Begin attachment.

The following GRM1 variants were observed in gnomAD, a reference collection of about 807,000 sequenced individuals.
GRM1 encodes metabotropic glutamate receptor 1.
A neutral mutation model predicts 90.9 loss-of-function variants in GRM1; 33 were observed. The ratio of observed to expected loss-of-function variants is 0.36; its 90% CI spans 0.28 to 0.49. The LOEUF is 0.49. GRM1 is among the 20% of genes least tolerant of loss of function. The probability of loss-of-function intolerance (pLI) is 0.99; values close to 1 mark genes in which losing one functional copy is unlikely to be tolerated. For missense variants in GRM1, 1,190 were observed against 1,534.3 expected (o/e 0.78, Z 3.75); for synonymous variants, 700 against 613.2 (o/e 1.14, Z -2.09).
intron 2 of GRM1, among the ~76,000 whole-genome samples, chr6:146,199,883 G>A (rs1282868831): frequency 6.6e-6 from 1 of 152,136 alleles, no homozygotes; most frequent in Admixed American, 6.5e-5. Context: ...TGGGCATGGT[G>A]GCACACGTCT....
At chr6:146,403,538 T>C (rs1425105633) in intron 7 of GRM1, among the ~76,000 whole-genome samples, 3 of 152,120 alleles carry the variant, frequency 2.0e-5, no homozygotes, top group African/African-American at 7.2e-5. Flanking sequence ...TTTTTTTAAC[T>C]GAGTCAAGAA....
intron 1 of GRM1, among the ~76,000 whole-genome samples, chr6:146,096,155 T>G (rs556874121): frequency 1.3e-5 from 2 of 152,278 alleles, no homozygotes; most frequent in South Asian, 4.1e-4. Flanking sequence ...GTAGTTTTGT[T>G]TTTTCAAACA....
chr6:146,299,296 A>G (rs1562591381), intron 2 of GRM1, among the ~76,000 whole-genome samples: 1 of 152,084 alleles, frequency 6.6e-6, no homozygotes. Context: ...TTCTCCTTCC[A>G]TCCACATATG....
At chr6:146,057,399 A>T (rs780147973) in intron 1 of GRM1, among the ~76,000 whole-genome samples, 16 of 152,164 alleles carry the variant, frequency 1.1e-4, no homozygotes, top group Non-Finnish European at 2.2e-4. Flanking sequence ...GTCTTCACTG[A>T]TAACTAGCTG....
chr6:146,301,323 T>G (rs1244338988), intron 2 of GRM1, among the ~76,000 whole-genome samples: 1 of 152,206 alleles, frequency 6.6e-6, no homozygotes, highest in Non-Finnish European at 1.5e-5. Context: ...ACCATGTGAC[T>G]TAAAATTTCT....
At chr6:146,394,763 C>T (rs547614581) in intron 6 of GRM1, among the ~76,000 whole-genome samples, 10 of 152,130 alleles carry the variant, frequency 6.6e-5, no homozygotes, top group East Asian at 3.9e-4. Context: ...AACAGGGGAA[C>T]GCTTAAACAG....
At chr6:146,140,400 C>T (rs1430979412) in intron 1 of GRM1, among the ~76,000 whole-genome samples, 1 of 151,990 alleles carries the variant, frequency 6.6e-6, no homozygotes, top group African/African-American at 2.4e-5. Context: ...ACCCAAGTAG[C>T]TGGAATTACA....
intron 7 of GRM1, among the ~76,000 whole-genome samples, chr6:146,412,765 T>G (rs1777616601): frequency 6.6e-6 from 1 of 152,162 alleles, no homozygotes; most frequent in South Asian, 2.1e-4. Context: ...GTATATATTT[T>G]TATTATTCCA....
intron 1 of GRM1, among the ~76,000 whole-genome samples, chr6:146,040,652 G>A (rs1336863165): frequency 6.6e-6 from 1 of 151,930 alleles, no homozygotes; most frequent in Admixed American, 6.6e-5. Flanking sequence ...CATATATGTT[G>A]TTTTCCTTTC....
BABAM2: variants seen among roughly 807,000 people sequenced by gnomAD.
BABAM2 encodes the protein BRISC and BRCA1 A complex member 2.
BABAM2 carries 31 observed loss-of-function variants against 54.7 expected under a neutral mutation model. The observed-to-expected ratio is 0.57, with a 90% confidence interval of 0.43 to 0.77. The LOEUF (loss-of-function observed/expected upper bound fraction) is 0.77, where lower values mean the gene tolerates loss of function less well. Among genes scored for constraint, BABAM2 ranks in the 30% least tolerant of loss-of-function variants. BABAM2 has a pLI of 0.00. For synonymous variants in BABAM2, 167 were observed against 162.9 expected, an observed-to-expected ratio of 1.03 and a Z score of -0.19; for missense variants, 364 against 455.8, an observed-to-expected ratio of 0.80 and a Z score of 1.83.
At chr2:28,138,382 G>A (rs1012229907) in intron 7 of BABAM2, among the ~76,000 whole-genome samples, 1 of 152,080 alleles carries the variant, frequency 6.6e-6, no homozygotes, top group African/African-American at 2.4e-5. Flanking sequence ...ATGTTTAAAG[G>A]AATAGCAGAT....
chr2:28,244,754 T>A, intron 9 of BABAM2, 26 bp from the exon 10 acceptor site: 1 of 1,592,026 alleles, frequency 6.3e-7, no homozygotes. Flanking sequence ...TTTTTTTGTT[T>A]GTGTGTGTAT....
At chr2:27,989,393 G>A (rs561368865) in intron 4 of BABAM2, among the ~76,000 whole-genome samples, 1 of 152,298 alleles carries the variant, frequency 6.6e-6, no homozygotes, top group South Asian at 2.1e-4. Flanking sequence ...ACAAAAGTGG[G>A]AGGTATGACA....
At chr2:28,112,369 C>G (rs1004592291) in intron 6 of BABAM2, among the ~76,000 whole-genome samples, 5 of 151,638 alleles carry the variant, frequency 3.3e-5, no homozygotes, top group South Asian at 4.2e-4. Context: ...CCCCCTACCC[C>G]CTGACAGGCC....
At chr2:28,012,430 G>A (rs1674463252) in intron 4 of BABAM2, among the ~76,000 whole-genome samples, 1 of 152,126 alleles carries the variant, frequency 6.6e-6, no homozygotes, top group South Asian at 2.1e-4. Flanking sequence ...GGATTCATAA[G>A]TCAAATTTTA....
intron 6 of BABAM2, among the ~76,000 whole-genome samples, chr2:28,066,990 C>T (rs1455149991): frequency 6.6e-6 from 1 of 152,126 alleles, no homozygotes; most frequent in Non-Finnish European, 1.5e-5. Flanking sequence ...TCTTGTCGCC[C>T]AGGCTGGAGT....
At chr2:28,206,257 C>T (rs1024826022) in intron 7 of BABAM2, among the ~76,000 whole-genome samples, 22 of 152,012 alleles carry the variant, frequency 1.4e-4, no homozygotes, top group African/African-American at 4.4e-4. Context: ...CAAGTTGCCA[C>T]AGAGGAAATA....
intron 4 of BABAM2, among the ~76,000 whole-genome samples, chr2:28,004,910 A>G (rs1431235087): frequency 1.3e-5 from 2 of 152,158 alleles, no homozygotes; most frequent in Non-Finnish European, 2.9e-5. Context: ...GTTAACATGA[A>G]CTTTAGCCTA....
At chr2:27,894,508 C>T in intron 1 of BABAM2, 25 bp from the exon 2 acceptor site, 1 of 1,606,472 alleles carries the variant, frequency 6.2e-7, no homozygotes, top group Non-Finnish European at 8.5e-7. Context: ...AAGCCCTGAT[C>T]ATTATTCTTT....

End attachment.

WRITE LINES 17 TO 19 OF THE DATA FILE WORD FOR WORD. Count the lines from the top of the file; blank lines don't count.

At chr2:28,138,382 G>A (rs1012229907) in intron 7 of BABAM2, among the ~76,000 whole-genome samples, 1 of 152,080 alleles carries the variant, frequency 6.6e-6, no homozygotes, top group African/African-American at 2.4e-5. Flanking sequence ...ATGTTTAAAG[G>A]AATAGCAGAT....
chr2:28,244,754 T>A, intron 9 of BABAM2, 26 bp from the exon 10 acceptor site: 1 of 1,592,026 alleles, frequency 6.3e-7, no homozygotes. Flanking sequence ...TTTTTTTGTT[T>A]GTGTGTGTAT....
At chr2:27,989,393 G>A (rs561368865) in intron 4 of BABAM2, among the ~76,000 whole-genome samples, 1 of 152,298 alleles carries the variant, frequency 6.6e-6, no homozygotes, top group South Asian at 2.1e-4. Flanking sequence ...ACAAAAGTGG[G>A]AGGTATGACA....